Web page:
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Saving Water in the Home

The necessity to save water has finally become a high priority. Thank God. If we waste much more water our children could well die of thirst.

There is only so much water in this old world and much of that is sea water or solid ice. The rest has been used and renewed by nature again and again over the centuries, but our recent lack of appreciation and lack of concern for pollution have threatened this limited resource.

There is plenty of water for every one and every need. God saw to that. But when people decide one household needs the share of a village, things get out of hand.

When I wrote my book Xeriscaping for Florida Homes over a decade ago, one third of the people in the world did not have access to a safe and reliable source of drinking water.

Wars have been caused by disagreements over water rights.

Some of us older people remember living in or at least visiting homes where water came from a pump outdoors and had to be carried inside and heated as needed. Then it had to be carried back out after it was used.

One man told me that was part of why the bushes and other vegetation right around the house were much more lush than that farther away. Most times that dishwater or bathwater was dumped on the flowers by the back door or just off the porch.

It would be a very good idea to have camps where young people and children would go for at least one weekend, use an outhouse, carry the water they use, and gain an appreciation for how all people lived until less than 100 years ago. It would help them realize how precious water is.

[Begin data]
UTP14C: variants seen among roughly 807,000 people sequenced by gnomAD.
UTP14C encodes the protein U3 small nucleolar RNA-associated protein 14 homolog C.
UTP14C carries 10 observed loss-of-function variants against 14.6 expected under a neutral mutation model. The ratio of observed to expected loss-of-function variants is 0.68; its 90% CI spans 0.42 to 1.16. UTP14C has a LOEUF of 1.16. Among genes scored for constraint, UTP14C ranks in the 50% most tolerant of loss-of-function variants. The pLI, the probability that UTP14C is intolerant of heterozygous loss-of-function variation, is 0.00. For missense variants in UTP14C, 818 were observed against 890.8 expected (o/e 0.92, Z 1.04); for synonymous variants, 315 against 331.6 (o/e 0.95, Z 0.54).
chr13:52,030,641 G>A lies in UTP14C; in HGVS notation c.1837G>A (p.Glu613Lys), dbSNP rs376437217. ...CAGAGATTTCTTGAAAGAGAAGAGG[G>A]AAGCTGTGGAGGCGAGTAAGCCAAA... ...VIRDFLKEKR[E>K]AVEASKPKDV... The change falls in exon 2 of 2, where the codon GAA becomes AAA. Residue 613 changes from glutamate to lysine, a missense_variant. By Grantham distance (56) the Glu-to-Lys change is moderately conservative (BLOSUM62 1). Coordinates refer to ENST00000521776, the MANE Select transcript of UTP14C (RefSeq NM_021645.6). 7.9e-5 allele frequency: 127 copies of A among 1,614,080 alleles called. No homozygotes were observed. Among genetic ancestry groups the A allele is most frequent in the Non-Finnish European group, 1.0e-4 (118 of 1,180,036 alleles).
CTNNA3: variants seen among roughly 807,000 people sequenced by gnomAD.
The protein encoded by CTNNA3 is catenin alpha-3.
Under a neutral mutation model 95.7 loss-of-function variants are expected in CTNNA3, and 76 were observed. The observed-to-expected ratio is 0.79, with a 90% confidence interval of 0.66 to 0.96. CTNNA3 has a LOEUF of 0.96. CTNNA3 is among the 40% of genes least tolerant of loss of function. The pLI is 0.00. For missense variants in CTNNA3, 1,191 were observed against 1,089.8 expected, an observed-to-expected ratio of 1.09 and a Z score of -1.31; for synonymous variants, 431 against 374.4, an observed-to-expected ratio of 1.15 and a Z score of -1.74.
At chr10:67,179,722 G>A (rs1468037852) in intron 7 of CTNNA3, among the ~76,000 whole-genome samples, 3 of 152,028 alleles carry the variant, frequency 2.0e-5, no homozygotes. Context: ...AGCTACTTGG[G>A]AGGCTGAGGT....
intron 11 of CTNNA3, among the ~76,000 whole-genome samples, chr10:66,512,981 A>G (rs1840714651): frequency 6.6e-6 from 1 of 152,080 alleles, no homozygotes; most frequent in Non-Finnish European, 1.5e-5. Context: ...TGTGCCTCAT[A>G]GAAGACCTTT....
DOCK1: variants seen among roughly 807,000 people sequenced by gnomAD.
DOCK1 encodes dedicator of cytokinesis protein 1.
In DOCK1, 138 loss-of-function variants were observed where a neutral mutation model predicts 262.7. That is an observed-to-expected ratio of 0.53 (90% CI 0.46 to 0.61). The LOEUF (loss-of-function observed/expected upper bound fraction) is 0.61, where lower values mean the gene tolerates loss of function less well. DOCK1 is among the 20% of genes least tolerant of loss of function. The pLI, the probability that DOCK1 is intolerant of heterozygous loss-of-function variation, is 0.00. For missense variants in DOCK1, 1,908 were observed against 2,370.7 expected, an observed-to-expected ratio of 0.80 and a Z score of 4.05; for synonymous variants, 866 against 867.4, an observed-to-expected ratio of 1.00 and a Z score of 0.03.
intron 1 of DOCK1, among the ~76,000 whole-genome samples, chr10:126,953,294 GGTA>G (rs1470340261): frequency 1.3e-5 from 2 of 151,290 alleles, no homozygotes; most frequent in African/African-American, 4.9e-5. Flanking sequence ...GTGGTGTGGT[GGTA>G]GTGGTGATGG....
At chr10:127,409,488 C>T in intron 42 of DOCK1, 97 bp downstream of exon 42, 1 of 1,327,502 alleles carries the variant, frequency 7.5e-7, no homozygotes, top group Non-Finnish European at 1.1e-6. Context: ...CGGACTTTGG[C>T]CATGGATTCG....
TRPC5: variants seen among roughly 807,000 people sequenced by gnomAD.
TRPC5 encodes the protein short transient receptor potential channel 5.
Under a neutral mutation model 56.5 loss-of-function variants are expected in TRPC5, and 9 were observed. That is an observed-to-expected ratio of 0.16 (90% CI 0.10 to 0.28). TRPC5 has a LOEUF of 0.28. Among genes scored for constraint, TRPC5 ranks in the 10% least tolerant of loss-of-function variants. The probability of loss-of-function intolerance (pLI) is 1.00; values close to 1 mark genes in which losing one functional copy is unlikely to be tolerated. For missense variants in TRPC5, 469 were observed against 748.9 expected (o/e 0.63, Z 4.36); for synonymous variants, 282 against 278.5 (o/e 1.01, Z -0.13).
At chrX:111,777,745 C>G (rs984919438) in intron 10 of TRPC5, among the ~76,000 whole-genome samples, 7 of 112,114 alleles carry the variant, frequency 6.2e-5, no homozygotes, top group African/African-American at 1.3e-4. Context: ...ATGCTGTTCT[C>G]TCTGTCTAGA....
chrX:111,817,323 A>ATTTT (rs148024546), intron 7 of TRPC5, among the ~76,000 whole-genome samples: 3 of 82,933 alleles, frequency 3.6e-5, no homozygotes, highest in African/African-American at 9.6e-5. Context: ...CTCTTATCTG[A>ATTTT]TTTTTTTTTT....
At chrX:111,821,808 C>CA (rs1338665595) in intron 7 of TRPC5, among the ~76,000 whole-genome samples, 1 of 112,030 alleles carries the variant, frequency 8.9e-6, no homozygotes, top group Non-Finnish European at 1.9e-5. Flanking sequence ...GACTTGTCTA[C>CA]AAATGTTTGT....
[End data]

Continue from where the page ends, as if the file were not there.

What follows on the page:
Here are some way you can save water in the home while making reasonable and liveable adjustments.

  • Take short showers (aim for 3 minutes) or shallow baths (3 inches). If you must soap and sing, turn off the water until you are ready for a quick rinse.
  • When you get a leak, fix it or call the plumber right away. One drop a second wastes 200 gallons of water a month. This adds cost to your water and sewer bills and/or strains your septic system.
  • Get in the habit of listening for running water and satisfying your mind with the source. Teach your children the importance of saving water and let them help you conserve. They may be the ones to hear the water running first.
  • Save your water bills and try to shrink them. If they go up, find a good reason-like the garden needs more water in May than in December or the college daughter was home that month.
  • If you are staying in a motel for several days, let the housekeeper know in writing that you do not want clean sheets every day. What a waste of wash water!
  • Buy only products you really need. Besides the water we used directly, a great deal of water is needed for all aspects of manufacturing.
  • Eat less meat. It takes several times as much water to produce meat as it does to grow fruits and vegetables. I'll be the last one on earth to give up meat altogether, but I don't mind at all shifting the emphasis a bit, especially when Florida offers such a bounty of alternatives fruits and vegetables.
  • Save any water from running down the drain when there may be another use for it, like watering plants or cleaning the floor or carrying it outdoors to the birdbath or to your favorite tree. Keep a bucket beside your sink and in your shower.
  • Thank God for giving us an abundance of water, the skill to pipe it into our homes, and the common sense to make it last. Find many more suggestions in my book, available at the library.

Saving our priceless water becomes more obviously important every dry day.